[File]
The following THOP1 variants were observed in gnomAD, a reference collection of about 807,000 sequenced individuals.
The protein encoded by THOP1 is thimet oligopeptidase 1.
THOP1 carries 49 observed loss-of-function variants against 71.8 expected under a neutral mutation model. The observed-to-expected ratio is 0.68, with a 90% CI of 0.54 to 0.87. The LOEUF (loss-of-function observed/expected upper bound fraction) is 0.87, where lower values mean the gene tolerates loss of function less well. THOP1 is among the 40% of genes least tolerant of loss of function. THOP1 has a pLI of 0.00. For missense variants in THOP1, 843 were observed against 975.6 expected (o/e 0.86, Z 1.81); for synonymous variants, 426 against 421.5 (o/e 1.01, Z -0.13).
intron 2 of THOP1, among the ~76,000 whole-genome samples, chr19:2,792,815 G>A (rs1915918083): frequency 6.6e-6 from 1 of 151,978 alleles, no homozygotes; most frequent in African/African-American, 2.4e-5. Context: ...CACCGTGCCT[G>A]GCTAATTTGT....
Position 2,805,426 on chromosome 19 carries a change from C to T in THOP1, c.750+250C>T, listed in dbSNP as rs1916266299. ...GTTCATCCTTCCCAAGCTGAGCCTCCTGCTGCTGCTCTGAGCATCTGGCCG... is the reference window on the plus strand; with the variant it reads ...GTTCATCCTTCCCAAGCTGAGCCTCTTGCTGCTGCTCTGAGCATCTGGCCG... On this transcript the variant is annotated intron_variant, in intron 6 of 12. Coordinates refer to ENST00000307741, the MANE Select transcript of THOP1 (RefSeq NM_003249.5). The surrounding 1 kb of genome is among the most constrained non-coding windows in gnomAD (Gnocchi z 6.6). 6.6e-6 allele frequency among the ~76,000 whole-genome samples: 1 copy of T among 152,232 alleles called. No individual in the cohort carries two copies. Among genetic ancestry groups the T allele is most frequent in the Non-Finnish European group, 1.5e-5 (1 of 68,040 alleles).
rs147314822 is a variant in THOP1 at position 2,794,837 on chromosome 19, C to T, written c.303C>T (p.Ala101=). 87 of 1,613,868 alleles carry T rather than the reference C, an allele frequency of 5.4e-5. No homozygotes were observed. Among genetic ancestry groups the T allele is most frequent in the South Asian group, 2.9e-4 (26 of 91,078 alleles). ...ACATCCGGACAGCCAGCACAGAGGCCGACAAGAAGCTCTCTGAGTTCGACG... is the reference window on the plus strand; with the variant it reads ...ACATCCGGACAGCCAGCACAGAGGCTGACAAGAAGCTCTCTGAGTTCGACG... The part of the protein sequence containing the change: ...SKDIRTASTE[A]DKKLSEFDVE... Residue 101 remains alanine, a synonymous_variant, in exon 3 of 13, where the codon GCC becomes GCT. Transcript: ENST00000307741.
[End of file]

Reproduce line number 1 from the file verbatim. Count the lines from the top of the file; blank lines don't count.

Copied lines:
The following THOP1 variants were observed in gnomAD, a reference collection of about 807,000 sequenced individuals.